Bridging past and present

There are days when I have so much to say and the words just don't come forth the way I want. So I do the next best thing. I go back and read things I have already written, hoping they will trigger something that needs to be said.

Usually I read my older blog posts and occasionally I glance at those Facebook memories and smile (sometimes cringe) at the snippets from the past that I have shared with my world.

But today, I found a trigger in the most unexpected of places: My e-mail inbox. 




It was while I was looking for a cab receipt that my eye idly glanced at the storage limit mentioned at the bottom of the page. With a start I noticed that I'd used up 13 GB of my 15 GB space! How on earth did I manage to do that? Man, I must write a lot! Or take many photos. Or maybe I have people who send me large attachments. What can I say? I'm popular (*sarcasm alert!).

One of the ways to de-clutter your inbox when it's overflowing is to find files that are larger than, say, 10 MB and filter them out. While doing this, a series of mails with photographs popped up and as I opened each one, a flood of memories was unleashed. Before I knew it, an entire hour had passed while I went back and re-read each mail, savouring the effect it had upon me.

Scrolling through the images was akin to looking at a much-loved photo album, after dusting it off from the corners of a forgotten wardrobe. After a while I began to read the e-mails that went with the photos and found something even more precious.

Catalogued details of my pregnancy, my baby shower and the birth announcement of my daughter.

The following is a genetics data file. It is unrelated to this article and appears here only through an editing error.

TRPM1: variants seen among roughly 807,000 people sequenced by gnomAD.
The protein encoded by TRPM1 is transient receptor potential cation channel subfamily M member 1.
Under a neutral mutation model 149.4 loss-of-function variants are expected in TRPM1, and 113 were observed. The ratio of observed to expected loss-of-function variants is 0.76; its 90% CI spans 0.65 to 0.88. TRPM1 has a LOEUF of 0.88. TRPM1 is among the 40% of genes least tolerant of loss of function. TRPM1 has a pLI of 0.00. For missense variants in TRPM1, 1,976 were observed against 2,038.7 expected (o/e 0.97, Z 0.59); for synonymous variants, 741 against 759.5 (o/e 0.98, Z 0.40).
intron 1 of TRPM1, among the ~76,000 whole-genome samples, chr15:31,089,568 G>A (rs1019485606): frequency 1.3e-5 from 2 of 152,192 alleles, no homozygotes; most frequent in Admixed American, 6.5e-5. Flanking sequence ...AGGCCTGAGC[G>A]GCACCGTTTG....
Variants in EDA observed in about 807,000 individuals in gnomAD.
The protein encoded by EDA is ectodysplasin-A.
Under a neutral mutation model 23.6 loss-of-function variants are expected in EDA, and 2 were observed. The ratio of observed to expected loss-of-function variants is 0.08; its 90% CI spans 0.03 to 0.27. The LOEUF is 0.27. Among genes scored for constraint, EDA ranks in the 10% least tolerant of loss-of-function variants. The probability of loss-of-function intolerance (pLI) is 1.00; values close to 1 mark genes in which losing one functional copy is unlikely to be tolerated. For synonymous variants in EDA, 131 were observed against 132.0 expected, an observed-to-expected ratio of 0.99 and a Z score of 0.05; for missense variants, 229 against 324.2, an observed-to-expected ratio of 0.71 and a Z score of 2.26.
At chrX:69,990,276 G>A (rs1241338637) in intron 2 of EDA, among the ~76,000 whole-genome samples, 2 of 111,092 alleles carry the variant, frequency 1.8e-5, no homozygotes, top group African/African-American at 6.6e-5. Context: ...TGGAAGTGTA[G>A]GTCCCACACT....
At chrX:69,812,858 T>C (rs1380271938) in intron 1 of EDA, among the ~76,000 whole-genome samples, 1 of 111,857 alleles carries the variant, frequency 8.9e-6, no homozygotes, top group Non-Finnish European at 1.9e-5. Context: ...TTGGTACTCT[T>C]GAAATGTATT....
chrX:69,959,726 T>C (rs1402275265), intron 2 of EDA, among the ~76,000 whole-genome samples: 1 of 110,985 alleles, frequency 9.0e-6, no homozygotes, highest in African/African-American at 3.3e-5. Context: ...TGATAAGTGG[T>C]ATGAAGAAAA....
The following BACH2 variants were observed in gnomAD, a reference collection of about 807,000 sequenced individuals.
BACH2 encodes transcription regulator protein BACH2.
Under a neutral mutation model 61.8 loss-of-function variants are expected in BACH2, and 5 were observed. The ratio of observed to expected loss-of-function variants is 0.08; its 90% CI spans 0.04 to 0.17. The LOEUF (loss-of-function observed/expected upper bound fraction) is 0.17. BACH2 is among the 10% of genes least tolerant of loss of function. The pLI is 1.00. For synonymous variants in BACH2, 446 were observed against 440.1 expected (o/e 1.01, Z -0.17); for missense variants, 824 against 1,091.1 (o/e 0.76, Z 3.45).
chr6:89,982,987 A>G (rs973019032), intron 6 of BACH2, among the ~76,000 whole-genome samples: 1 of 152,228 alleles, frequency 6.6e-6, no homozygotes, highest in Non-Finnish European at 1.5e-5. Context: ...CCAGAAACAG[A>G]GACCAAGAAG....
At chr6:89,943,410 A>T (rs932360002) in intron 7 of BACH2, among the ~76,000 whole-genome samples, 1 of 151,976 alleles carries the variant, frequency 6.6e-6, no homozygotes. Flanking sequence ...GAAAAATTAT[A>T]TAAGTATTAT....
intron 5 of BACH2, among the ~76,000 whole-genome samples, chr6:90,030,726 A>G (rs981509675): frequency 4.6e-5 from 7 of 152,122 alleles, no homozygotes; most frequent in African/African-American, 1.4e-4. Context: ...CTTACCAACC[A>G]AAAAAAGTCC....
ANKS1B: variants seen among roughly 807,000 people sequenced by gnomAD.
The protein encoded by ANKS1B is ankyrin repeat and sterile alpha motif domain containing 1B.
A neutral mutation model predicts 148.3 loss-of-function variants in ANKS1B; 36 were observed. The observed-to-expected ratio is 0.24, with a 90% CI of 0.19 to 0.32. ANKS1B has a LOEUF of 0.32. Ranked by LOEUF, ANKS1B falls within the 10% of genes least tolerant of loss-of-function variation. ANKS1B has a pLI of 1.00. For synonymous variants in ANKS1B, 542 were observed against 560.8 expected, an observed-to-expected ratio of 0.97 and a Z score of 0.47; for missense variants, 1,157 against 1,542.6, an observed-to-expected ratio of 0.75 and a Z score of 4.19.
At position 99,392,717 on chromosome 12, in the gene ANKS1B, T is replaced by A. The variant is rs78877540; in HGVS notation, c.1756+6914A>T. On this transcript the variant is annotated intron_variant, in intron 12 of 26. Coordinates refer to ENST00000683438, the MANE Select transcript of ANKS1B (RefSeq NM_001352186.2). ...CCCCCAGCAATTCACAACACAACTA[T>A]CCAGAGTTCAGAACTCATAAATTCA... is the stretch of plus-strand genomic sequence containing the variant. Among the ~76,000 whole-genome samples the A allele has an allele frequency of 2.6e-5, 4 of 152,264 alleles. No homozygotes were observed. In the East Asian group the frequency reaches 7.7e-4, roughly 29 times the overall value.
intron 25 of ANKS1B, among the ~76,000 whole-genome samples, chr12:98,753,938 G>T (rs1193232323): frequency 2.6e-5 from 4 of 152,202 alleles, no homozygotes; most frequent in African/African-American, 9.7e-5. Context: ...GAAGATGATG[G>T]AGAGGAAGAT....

In that instant, I paused,took a deep breath and allowed myself to soak up the moments as they tumbled out of the confines of my weighty mail folders. Quickly, I keyed in the words 'Shailaja' and 'pregnancy' and watched as the screen lit up with every exchange I had ever had with friends and family on the joy of welcoming a new soul into our lives.

Within the span of an hour, my eyes crinkled up in laughter or crumpled with grateful tears at the words of every soul who had congratulated me. Some family members who delighted in the announcement and who wrote to me are no longer with us and it felt like a squeeze of the arteries as I re-read some of the best advice I've ever received.

Friends who sent messages of love and shared broken stories of their own, since they were unable to conceive tugged at that maternal corner of my soul. Others who kept in touch regularly back then but have now faded into the disquietude and rigour of modern life prompted me to look them up to see what they were doing today.

It was also a very sombre exercise as I realised that it's been 10 years since I'd received these mails and there they were, safely tucked away to be retrieved years later. This was before Facebook had taken over or Twitter had started to hold sway so e-mail was the ideal way to keep in touch. Long, loving mails that captured the essence of joy and happiness one person feels for another- this made for wonderful reading.

It was with complete astonishment that I realised Gy will turn 10 this year. Ten. That seems like such a big leap into another decade. A decade is a lot when you think about it. We grow old, we make new friends, we break it off with some of the old, we evolve as people, succeed in some ventures, fail miserably at the rest.

And in the quiet of the night, as I read these missives of love, longing, gratitude and empathy, somewhere it struck me that these are precious. These bridges of love that connect the past with the present, are more relevant than we know. Through them I hope to re-connect with that me from 10 years ago and tap into the vibrant, excited mom-to-be who looked forward to the entire parenting game with anticipation and excitement.

On the days when I feel frustrated, annoyed and completely fed up of having my daughter roll her eyes at me, stand her ground in defiance or walk away from me in an argument, these e-mails from the past will remind me that I was chosen to walk this path of motherhood.

There's no other place I would rather be.

What keeps you connected to the past? Care to share?

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